Cinnamon may be most famous for its culinary uses, but the aromatic spice has been used for centuries in alternative medical treatments. Cinnamon is known to reduce inflammation in the body. Massaging your lower abdomen with cinnamon essential oil may help reduce inflammation and symptoms of menstrual cramping.

Oil blends

Combining more than one type of essential oil may be beneficial. In one 2012 study, researchers used a combination that included lavender, sage, and marjoram oils. The oils were mixed with an unscented cream.

Study participants were instructed to massage the cream mixture into their lower abdomen from the end of their last period to the beginning of their next one. Women who used the cream with the essential oils reported less pain and discomfort during menstruation than women who used synthetic oils.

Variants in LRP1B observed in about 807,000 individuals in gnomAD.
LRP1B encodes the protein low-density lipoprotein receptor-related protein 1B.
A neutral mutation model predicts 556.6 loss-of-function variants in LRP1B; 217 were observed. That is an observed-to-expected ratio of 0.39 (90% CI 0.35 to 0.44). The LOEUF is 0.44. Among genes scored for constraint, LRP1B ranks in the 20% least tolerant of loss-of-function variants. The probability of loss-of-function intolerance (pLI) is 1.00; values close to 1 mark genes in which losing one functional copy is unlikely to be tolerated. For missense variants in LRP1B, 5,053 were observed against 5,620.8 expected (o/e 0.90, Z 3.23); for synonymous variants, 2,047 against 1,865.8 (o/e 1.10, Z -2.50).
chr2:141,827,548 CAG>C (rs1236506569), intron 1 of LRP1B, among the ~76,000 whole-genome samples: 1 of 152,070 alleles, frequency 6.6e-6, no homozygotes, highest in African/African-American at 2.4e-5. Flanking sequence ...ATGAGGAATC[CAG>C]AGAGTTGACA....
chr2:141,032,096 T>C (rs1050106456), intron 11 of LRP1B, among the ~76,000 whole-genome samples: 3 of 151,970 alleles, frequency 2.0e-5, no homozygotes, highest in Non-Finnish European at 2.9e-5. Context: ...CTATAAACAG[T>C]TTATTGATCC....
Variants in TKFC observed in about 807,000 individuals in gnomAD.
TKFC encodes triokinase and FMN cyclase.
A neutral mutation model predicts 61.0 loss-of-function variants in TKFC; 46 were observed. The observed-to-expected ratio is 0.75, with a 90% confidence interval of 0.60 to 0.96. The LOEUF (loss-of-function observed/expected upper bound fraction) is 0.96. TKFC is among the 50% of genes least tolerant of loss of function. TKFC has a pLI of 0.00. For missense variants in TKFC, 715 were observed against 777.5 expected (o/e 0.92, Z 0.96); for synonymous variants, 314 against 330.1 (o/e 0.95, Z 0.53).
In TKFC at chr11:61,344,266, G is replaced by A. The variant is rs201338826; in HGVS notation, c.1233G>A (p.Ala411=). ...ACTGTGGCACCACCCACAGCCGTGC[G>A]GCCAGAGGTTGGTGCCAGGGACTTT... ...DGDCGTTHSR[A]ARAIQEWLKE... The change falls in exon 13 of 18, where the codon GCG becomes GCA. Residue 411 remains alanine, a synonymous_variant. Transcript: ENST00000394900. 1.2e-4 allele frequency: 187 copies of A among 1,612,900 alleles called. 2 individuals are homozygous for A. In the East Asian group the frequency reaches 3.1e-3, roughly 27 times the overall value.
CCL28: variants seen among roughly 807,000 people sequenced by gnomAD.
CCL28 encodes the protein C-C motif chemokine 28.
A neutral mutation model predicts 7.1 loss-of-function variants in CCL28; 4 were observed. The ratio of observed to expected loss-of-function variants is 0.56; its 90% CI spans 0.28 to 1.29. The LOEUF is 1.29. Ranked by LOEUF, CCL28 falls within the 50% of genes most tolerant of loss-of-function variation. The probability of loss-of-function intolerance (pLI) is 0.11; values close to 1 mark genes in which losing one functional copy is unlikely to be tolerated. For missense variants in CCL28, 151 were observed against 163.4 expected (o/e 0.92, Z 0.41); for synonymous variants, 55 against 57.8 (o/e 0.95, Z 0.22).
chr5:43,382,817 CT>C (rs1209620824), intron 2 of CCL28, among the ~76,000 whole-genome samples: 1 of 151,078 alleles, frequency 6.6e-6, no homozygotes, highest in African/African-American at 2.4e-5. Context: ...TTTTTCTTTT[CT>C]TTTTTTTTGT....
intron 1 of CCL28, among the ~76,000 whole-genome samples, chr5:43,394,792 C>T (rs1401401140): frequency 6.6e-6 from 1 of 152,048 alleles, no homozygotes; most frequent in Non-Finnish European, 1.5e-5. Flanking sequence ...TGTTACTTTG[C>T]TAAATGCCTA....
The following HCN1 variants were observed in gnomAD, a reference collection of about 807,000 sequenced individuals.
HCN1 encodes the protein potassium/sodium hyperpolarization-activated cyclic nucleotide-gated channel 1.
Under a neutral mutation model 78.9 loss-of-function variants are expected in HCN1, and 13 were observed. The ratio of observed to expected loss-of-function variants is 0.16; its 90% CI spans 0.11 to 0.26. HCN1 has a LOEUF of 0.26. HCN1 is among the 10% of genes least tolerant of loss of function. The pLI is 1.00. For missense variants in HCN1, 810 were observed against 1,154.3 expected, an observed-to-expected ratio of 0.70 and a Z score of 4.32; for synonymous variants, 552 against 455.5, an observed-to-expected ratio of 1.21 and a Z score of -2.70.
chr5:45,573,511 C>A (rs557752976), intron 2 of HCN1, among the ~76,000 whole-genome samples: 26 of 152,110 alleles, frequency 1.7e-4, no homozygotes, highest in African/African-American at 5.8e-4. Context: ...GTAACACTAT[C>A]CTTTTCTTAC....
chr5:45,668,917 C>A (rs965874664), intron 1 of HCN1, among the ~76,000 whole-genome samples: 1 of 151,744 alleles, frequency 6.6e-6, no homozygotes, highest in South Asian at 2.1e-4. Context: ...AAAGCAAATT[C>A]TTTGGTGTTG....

A 2013 study examined a combination of oils from:

  • cinnamon
  • clove
  • rose
  • lavender

These oils were added to almond oil. Women in the study were instructed to massage the oil combo into the abdomens. This study also found that women using the essential oils reported less pain and bleeding during menstruation than women who used the placebo treatment.

If you’re looking to use essential oils to relieve menstrual cramps, massaging the oils into the affected area is considered to be the best approach. Add a few drops of your preferred oil to a carrier oil.

Carrier oils are neutral oils that will help stretch the potent oils and make it easier to apply and use during a massage. Common carrier oils include:

  • coconut